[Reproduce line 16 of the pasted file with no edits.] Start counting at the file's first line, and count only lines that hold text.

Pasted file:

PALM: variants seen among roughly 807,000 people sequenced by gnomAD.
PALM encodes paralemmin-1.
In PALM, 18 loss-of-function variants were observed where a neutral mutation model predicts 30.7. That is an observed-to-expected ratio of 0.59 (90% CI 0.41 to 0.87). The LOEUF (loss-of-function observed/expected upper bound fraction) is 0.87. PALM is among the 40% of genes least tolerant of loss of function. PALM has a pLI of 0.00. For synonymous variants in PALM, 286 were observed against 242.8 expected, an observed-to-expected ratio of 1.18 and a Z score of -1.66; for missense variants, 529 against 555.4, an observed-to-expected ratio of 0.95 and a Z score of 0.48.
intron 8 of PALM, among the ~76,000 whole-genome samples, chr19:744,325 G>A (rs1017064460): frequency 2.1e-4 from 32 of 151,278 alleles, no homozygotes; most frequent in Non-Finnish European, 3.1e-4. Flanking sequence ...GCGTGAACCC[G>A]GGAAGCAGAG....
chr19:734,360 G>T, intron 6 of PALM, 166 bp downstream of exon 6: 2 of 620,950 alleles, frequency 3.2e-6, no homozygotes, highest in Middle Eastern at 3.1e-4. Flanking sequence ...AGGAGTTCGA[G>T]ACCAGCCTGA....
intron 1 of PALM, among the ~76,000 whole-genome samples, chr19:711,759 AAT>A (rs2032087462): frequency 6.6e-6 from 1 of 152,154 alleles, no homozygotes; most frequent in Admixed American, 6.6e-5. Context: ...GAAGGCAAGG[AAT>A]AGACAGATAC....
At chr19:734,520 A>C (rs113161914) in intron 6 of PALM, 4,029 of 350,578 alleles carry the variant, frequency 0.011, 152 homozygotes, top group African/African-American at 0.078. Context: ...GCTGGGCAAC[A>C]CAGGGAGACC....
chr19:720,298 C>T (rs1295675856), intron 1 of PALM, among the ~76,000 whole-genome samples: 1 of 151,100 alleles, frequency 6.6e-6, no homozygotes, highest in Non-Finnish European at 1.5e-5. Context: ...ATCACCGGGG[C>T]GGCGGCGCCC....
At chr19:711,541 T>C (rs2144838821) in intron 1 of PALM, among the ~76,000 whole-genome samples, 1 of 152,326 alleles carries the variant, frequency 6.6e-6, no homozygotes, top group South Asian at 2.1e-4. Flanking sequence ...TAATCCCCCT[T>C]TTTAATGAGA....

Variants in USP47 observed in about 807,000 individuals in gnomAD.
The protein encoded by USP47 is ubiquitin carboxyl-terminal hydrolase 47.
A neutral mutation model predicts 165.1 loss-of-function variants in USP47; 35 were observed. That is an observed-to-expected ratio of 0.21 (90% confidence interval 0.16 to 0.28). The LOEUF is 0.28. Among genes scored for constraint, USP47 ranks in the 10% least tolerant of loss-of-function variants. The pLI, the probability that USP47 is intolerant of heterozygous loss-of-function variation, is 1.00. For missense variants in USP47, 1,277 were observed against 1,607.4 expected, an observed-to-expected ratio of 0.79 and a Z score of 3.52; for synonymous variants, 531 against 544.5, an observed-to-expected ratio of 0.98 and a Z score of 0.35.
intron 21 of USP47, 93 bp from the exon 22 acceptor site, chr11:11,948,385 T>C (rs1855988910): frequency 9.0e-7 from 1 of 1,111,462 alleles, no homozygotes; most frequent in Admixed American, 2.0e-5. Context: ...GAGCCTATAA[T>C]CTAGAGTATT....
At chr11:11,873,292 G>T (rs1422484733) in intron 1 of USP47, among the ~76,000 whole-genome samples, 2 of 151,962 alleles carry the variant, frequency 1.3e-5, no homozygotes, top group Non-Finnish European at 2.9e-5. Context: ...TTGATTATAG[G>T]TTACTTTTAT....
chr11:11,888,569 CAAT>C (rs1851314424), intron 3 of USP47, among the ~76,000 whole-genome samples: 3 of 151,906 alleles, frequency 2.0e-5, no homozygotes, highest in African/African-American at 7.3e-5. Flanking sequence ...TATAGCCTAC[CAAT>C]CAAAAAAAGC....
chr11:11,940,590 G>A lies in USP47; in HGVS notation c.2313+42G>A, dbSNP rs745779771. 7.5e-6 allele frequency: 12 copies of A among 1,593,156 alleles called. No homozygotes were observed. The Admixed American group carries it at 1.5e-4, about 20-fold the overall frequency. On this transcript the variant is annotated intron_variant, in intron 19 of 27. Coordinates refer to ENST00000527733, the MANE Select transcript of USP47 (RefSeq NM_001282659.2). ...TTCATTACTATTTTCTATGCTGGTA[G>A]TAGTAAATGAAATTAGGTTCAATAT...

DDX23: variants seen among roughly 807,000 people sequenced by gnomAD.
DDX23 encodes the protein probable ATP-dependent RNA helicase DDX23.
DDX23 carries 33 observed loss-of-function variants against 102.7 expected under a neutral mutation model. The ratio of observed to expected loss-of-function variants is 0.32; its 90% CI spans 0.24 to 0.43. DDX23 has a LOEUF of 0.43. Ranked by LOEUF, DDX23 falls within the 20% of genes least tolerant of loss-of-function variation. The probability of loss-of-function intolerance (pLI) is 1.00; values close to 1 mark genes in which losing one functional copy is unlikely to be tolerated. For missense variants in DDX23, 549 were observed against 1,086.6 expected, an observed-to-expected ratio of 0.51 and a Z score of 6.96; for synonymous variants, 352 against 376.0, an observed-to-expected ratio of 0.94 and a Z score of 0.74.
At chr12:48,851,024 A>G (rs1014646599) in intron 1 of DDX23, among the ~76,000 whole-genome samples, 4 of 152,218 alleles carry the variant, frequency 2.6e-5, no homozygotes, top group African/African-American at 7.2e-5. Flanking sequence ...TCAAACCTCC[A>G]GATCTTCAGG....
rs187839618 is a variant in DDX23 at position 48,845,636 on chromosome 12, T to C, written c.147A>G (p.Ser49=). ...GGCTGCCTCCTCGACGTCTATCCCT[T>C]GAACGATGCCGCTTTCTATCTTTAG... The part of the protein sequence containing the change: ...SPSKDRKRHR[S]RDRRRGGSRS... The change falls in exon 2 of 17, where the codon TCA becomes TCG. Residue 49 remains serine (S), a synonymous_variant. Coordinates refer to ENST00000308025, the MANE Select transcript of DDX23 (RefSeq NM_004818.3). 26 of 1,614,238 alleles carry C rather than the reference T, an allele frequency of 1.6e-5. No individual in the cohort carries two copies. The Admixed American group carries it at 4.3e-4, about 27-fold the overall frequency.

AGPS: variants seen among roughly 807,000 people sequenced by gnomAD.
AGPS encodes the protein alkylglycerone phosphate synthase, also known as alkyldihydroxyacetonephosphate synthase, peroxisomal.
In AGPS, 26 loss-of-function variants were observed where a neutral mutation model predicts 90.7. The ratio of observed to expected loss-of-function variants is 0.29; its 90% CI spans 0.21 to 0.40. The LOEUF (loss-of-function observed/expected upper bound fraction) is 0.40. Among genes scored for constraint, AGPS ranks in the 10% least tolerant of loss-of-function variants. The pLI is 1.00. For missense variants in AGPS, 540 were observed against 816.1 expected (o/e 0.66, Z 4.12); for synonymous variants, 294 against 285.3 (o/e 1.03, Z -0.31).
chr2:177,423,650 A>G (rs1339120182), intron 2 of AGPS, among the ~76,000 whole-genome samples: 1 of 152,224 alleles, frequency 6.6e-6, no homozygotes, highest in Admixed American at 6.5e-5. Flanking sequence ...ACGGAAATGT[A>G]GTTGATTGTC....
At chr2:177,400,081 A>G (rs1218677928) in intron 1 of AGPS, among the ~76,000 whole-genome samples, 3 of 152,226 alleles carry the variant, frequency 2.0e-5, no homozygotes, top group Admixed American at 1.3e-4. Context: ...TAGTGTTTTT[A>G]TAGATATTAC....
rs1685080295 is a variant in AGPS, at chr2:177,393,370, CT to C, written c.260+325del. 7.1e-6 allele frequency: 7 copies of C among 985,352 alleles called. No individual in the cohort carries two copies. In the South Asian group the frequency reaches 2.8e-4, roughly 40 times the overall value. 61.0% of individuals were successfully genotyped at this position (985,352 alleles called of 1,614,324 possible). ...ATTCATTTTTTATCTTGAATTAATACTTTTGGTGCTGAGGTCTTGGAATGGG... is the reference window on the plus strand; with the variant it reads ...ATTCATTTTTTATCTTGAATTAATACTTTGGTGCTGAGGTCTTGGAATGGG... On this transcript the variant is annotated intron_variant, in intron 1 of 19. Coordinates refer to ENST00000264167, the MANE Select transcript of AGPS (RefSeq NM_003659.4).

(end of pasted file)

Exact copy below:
chr11:11,940,590 G>A lies in USP47; in HGVS notation c.2313+42G>A, dbSNP rs745779771. 7.5e-6 allele frequency: 12 copies of A among 1,593,156 alleles called. No homozygotes were observed. The Admixed American group carries it at 1.5e-4, about 20-fold the overall frequency. On this transcript the variant is annotated intron_variant, in intron 19 of 27. Coordinates refer to ENST00000527733, the MANE Select transcript of USP47 (RefSeq NM_001282659.2). ...TTCATTACTATTTTCTATGCTGGTA[G>A]TAGTAAATGAAATTAGGTTCAATAT...